Today, presenting yourself virtually has its pros and cons. While you only have to show a professional persona from the waist up (make sure to straighten up your office space behind you), you must boost your energy to show that you’re engaged in the discussion.

                      Make your voice as upbeat as possible. Have your talking points at the ready and be careful not to ramble on, as long virtual meetings easily become tiresome. Use the mute and chat features to avoid interruptions.

                      To do: Once you know the meeting platform, make sure you have it mastered before your interview.

                      To discuss during your interview: Offer to share your screen to show an example of a work project— while at the same time demonstrating your prowess with video conferencing tools.

                      8. Respecting Feedback

                      In the age of working remotely, there may not be as many systems in place to obtain feedback (such as yearly performance reviews). Workers may need to ask for feedback, while managers may need to give more feedback than usual as the team adjusts to working off-site. Respecting feedback is on top of the interview skills list that you should learn.

                      Taking a proactive approach with giving and receiving feedback and incorporating it into your work style is a desirable quality that your employers will note.

                      To do: Reflect on the positive feedback you’ve received from past employers to bolster your confidence.

                      To discuss during your interview: Share a time when you received feedback that made you grow in the job. If you’re a manager, share a time when you gave feedback to an employee who needed to better their job performance.

                      9. Project Management

                      Staying on task with projects has evolved far past a to-do list, with electronic tools that can track time, manage team workloads, and even do the client billing. While your prospective employer may have its preferred project management program, your experience with any of the various options—whether it’s Basecamp, Teamwork, Smartsheet, or another—will be applicable.

                      To do: Know which project management software is likely to be used by the industry in which you’re interviewing, and familiarize yourself with its features.

                      To discuss during your interview: Highlight a project management feature that is particularly useful in helping you excel in your work, and explain how you utilize it.

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                      10. Staying up to Speed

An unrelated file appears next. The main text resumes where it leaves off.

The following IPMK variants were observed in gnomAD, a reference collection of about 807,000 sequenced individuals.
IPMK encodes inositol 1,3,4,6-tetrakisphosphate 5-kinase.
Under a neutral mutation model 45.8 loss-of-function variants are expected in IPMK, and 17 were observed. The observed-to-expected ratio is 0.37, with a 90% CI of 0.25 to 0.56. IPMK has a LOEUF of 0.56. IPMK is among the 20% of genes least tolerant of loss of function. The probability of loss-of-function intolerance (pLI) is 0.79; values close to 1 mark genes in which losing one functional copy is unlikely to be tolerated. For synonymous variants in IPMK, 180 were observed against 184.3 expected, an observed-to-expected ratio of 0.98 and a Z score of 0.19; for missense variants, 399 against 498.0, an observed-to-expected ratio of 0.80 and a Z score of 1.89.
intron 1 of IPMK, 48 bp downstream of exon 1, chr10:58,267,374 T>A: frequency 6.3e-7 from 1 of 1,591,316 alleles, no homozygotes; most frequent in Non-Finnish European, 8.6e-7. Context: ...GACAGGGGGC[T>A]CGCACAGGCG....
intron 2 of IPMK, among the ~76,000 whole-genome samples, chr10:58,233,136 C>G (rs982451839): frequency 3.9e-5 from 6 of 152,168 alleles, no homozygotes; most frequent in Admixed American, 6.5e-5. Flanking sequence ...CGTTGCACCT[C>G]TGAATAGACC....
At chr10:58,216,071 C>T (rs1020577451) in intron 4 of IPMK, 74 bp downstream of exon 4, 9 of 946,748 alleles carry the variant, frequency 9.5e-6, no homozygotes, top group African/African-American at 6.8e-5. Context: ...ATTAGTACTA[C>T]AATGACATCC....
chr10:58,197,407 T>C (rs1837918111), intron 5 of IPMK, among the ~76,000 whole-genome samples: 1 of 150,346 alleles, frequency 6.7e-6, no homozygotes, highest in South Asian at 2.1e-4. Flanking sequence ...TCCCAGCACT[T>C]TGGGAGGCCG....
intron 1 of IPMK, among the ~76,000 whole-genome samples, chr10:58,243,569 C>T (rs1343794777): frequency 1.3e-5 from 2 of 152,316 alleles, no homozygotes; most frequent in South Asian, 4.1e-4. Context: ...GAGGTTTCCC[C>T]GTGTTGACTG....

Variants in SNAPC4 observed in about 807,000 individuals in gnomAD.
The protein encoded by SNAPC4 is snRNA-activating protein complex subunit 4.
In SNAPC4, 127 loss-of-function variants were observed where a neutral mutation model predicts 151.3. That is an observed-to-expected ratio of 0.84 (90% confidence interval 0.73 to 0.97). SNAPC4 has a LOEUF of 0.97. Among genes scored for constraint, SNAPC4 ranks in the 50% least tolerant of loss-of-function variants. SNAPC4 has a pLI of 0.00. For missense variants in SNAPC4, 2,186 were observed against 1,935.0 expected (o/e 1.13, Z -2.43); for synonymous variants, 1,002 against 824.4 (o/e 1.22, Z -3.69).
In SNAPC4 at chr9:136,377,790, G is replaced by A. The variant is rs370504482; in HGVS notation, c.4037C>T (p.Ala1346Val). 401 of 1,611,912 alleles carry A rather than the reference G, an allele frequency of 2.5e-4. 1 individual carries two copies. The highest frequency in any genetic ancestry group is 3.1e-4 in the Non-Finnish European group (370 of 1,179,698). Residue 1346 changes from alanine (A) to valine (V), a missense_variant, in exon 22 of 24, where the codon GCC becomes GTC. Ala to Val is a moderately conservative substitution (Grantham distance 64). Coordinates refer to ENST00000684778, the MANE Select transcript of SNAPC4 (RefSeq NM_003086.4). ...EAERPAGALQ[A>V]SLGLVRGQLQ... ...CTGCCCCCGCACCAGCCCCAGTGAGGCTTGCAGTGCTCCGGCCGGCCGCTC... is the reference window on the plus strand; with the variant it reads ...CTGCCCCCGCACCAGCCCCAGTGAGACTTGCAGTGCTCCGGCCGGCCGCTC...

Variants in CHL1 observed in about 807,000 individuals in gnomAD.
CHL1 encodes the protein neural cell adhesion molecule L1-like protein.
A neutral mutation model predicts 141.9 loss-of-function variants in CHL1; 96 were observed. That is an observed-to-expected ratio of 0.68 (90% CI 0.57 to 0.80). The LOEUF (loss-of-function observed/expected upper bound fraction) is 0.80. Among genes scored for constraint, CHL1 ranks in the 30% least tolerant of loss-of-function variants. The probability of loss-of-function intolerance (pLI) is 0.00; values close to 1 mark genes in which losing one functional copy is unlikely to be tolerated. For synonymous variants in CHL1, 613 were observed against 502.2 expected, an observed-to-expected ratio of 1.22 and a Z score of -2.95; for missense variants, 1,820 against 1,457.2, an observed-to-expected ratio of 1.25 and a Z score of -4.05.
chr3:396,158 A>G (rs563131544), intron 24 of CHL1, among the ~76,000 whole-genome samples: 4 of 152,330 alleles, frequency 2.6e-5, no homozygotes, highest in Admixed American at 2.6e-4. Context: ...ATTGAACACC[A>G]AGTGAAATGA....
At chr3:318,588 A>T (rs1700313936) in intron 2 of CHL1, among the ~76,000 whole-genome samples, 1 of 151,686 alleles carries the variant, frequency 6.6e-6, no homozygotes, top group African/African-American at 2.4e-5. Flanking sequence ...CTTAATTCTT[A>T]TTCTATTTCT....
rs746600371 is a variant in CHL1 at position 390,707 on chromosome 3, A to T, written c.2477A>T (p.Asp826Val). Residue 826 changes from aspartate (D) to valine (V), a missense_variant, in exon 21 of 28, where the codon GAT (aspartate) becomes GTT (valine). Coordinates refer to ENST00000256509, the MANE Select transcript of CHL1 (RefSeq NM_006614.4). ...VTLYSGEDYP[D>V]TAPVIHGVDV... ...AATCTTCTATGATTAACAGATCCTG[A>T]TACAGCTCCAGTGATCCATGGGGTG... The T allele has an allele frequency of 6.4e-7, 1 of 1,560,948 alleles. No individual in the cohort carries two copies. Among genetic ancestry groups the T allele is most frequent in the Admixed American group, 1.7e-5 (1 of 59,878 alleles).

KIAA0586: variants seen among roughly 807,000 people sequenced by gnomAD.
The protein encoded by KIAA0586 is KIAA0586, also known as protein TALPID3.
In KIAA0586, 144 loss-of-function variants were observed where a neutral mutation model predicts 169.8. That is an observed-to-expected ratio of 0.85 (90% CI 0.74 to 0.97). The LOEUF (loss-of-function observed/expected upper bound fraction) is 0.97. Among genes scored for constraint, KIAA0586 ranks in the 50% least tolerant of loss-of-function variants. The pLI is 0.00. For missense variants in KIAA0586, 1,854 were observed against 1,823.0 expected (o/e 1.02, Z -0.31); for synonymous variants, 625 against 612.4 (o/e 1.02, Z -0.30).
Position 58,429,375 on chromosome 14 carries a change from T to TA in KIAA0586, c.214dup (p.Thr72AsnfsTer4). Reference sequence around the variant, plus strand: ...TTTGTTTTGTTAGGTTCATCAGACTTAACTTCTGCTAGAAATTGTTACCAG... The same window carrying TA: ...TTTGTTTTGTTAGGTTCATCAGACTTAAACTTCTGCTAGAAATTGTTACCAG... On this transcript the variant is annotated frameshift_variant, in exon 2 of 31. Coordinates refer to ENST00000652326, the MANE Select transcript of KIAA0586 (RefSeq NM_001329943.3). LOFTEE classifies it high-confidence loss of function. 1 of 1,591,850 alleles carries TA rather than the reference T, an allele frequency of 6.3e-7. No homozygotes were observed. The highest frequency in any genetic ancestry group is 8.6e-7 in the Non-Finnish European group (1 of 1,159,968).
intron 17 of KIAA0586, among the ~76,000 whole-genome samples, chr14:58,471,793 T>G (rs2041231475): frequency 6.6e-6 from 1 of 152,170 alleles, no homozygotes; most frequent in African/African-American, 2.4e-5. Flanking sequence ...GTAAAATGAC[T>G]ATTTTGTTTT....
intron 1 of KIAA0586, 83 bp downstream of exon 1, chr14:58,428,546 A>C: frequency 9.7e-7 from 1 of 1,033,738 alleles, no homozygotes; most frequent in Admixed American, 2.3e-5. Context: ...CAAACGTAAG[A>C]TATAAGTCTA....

Employers expect their remote workers to be technically proficient so that technology runs smoothly and doesn’t create work disruptions. Bosses count on remote workers to know enough about their systems to manage them without relying on the help of overworked IT staff.

                      To do: Make sure you have a fast internet connection and have a back-up plan, such as a second computer or other tethered devices.

                      To discuss during your interview: Note that you are diligent about keeping your computer and software up to date.

                      11. Attention to Cybersecurity Issues

                      “Virus” is a loaded term these days. Spreading a computer virus in your company, however, will not only bring productivity to a halt, but it will also make you a pariah. While working from public places using free Wi-Fi (with uneven security provisions) has waned, in pre-pandemic times, coffee shops accounted for 62 percent of Wi-Fi security breaches.

                      To do: Keep antivirus software updated and don’t download software without verifying its authenticity.

                      To discuss during your interview: Emphasize your awareness of cybersecurity risks and your care in taking necessary safety measures.

                      12. Teamwork

                      Work relationships now mostly happen in virtual settings, yet employers value team-oriented workers.

                      Being a part of a team gives you a sense of connection and shared purpose. A well-honed team understands how mutual reliance makes the sum of its parts greater than when individuals act on their own, improving the end product.

                      To do: Take stock of your attributes as a team player and where you can cultivate skills that will enable you to work more collaboratively.

                      To discuss during your interview: Inquire about the company’s culture and how it encourages a sense of community despite working remotely.

                      Final Thoughts

                      Preparing for remote positions available in today’s job market will mean honing your interview skills to highlight your technical abilities as well as your adaptability. By adhering to these To-Do’s and perfecting your online interview skills and charisma, you will rise above the competition and win over any prospective employer.

                      More Tips to Improve Your Interview Skills

                      Featured photo credit: Christina @ wocintechchat.com via unsplash.com